This morning I was reflecting on a memory from my Equus coach training.

One of the things that I learned how to do is to walk into a pasture full of horses, pick one out, and halter it.

On the surface, this sounds pretty simple. I mean, it’s three steps, and once you learn how to work a halter it’s pretty straightforward.

However, like many things — just because it seems simple, doesn’t mean it’s easy.

What usually happens when you first attempt to do this is, the minute you set your sights on a horse and start moving towards it, the horse will prick its ears in your direction and then immediately start moving away from you. Sometimes this is at a slow walk, sometimes it’s a full run. Either way, you can pretty easily find yourself chasing a horse around the pasture for a good long time, and their legs are way longer than yours.

Despite feeling pretty proficient with the whole haltering thing, this exactly what happened to me the first time I tried it. I picked out my horse, started moving in it’s direction, and it quickly began making its way to the other end of the pasture (along with half a dozen other horses that happened to be standing nearby).

I’ll never forget what happened in that moment. The Master Facilitator who was shadowing me (because hey, they’re not going to let you go in there ALONE straight out of the gate) — turned to me and said, “90% of this is what’s happening inside of you. Only about 10% is what’s happening on the outside.”

I knew immediately what he meant. I’d stepped into that pasture with an agenda, a goal that I wanted to achieve. I was focused on the steps — pick horse, approach horse, halter horse. My inner taskmaster was delighted — we have a plan! Let’s do this!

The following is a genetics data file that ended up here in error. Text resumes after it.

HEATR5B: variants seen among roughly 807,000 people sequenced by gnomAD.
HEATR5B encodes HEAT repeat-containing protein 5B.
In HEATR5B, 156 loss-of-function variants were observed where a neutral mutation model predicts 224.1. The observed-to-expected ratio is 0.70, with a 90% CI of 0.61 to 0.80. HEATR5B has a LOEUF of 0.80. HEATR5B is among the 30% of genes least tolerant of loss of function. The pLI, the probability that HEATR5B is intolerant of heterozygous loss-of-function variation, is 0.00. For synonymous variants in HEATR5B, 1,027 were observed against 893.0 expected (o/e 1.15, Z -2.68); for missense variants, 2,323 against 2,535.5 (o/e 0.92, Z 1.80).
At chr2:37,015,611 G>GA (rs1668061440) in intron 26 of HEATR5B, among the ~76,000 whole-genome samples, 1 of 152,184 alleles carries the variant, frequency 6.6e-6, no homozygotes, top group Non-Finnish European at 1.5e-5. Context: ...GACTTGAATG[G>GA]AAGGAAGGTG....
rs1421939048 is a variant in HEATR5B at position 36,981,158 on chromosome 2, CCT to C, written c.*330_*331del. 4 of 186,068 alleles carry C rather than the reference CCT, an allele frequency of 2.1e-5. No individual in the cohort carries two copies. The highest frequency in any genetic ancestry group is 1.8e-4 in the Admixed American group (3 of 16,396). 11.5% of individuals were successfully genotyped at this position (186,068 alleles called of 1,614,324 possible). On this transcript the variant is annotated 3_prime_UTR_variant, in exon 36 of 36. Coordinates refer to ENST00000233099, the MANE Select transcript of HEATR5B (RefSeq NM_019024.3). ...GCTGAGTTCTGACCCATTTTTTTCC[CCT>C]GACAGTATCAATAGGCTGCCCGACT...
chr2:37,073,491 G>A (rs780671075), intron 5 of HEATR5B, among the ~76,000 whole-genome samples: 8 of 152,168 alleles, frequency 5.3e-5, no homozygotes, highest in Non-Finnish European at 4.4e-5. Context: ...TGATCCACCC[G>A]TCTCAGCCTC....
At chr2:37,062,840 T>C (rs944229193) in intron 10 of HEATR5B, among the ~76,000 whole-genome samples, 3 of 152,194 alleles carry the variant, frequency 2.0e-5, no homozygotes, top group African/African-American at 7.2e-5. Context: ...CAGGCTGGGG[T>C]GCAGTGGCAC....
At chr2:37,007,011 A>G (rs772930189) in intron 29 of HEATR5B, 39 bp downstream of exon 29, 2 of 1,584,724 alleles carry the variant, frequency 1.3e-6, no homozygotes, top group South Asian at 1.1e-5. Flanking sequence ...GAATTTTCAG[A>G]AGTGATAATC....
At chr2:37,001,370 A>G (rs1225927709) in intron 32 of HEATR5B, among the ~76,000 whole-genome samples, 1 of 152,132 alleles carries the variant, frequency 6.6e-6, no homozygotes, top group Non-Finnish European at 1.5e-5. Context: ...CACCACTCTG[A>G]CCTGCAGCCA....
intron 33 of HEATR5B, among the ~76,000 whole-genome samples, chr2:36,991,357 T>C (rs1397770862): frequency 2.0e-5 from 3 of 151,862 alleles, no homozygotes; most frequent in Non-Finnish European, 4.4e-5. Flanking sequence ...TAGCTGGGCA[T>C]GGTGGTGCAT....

And… my focus on the outside (by attaching to the outcome), was acting as a ‘horse repellent’ — instead of helping me, it was hindering me.

When I reflected on what was happening on the inside, I realized that, by clinging to my agenda, I was no longer connected to the horse. The horse could have been a fencepost in that moment — just something I needed in order to complete the task.

There in the pasture, I took a moment to regroup and settle myself. I looked at the horse (who was now eyeing me warily), and felt inside of myself for the feeling of connectedness and communion that I knew was available (and it’s always available). When I found it, I allowed it to fill my heart.

And then I approached the horse, holding on to that feeling. Allowing my body and eyes to soften, allowing my mind to relax. Approaching without an agenda or goal, just the desire to connect, communicate, and receive feedback. The desire to be in conversation, to stay open to whatever wanted to happen, instead of trying to control what happened.

I felt the horse’s eyes on me as I crossed the pasture, noticed as his watchfulness dropped, and he eased into relaxation and then took a step in my direction. I placed my hand on his powerful neck, speaking softly as turned his face towards me in acknowledgement. He lowered his head, and I eased the halter over his muzzle and ears.

I’m not sure what prompted this memory to come forward, but I needed this reminder today.

Sometimes I get so focused on what I want to do or be or create in the world, that I forget to leave space for the magic that wants to unfold.

Sometimes I get so caught up in what’s happening on the outside, that I forget to tune in and make sure that what’s happening on the inside is in alignment.

Remembering this horse today, and reflecting on the powerful lesson he taught me.

It’s 90% inside, and only 10% outside.

Turn your attention in, and watch the magic step forward to meet you.